I came across this animated slideshow last week and felt it was worthy to share here. I have an old USGS book that uses earlier Landsat satellite imagery showing roughly the same thing, but this version is newer and shows more growth. What I thought was the most interesting, beyond the fact that human growth looks like cancer, is seeing Lake Mead shrink considerably over the years. When you watch the video above, look closely at the lake on the far right side to see what I’m talking about. This begs the question, as Las Vegas grows and Lake Mead shrinks, will or should the city stop growing when the water runs out? Since its a man-made reservoir, I doubt it will go dry up anytime soon, but I guess the larger issue to me is how sustainable can living in the desert really be? There is quite a bit of space in the Las Vegas area that has yet to built on, but should it be? Should there be a limit to the growth of the city so that the city become less dominated by low-density housing? If people want cookie cutter houses I can’t say much about their tastes, but I will say that there is a carrying capacity of all environments and I’m curious about when and if Las Vegas will reach that level.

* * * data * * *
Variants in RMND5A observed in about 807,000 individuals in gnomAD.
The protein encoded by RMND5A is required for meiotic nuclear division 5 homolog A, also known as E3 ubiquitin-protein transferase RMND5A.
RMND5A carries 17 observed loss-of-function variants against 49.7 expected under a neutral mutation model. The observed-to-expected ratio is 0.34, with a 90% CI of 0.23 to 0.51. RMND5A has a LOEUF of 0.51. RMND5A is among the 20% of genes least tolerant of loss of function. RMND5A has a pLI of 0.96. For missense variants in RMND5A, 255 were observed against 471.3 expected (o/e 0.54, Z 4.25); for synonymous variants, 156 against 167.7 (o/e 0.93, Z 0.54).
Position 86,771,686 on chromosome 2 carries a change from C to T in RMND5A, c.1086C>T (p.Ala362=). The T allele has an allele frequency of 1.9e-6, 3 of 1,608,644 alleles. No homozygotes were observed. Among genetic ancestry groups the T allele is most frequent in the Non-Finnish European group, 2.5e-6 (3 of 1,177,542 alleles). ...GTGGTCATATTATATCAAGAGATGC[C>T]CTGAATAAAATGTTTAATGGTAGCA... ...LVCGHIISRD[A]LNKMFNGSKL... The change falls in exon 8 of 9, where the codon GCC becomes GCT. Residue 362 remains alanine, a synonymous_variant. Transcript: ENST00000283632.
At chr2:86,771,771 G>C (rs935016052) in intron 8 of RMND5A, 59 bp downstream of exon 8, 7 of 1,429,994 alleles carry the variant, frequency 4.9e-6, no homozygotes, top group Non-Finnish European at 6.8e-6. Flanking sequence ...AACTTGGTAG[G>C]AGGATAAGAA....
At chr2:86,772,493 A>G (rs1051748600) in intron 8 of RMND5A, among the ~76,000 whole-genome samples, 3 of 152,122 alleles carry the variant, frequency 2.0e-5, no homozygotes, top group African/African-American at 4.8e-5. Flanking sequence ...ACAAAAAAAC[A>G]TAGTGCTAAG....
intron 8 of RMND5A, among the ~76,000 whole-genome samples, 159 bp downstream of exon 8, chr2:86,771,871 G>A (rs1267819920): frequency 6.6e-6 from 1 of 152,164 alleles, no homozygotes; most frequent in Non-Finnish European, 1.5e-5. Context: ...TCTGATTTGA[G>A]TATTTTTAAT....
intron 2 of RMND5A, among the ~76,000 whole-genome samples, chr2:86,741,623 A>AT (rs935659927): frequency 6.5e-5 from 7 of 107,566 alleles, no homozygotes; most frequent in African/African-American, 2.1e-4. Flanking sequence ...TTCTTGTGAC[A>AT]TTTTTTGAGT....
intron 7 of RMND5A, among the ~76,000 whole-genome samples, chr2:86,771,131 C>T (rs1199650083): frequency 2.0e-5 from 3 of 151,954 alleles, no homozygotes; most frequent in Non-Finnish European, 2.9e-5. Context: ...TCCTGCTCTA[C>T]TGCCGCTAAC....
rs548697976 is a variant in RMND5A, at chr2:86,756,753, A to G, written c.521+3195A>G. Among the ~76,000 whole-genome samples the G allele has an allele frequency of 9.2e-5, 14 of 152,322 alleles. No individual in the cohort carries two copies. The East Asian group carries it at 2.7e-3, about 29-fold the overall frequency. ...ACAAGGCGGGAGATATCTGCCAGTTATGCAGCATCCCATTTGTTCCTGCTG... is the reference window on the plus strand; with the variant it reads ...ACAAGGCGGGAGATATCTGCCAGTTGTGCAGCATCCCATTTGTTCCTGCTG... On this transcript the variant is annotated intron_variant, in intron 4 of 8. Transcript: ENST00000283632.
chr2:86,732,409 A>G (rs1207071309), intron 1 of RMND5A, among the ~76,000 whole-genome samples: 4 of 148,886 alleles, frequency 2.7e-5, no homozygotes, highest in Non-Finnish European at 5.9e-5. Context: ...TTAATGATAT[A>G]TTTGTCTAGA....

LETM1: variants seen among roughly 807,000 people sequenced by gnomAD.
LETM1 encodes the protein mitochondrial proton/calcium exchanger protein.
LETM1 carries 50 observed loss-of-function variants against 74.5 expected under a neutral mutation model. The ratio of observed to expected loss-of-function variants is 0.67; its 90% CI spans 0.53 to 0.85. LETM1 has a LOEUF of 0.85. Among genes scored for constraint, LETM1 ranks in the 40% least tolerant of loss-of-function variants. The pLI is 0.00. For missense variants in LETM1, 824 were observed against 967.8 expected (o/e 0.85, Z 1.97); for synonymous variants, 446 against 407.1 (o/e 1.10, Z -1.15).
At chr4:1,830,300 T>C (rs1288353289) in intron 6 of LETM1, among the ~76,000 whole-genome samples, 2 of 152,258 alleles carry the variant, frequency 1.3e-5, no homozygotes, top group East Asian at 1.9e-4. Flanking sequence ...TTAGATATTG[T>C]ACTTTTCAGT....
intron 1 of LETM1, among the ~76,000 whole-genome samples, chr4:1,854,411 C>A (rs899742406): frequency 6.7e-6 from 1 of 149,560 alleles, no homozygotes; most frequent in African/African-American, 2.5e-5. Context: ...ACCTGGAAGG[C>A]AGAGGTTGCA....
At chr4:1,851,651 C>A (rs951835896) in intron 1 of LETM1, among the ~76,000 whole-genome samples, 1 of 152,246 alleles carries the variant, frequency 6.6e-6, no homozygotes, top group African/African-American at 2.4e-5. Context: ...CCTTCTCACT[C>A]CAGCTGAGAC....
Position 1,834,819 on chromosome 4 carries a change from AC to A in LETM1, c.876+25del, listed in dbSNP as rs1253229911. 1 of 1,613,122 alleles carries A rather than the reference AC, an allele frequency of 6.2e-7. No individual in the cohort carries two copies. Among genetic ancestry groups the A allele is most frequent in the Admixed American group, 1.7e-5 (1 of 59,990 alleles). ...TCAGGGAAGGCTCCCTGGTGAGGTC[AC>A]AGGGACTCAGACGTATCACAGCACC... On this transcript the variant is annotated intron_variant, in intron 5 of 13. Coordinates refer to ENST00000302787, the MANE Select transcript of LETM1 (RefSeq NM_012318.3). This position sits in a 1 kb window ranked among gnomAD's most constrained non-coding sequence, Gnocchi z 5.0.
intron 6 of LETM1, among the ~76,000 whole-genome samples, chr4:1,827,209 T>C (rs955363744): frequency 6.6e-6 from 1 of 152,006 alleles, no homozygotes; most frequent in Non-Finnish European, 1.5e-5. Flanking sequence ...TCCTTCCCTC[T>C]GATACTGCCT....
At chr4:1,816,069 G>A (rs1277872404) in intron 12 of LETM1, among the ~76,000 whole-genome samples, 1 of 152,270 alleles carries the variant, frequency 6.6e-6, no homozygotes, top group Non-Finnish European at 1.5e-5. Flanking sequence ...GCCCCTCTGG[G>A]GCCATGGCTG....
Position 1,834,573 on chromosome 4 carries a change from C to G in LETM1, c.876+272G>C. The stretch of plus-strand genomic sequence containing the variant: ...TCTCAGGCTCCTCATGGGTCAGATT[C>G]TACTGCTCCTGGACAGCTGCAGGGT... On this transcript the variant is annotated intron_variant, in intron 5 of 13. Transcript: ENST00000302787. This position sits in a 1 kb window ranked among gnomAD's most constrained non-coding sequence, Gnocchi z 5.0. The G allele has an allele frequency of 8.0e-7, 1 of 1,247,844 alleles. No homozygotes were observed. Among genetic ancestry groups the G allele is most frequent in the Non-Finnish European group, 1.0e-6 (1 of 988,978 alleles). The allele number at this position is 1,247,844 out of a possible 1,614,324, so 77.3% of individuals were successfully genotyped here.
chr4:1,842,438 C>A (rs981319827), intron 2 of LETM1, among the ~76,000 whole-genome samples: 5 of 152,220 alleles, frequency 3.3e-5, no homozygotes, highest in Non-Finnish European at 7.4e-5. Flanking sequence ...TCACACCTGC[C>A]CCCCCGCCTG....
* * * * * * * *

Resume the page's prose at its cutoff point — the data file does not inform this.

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Nikolas Schiller is a second-class American citizen living in America's last colony, Washington, DC. This blog is my on-line repository of what I have created or found on-line since May of 2004. If you have any questions or comments, please contact:

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  • thank you,
    come again!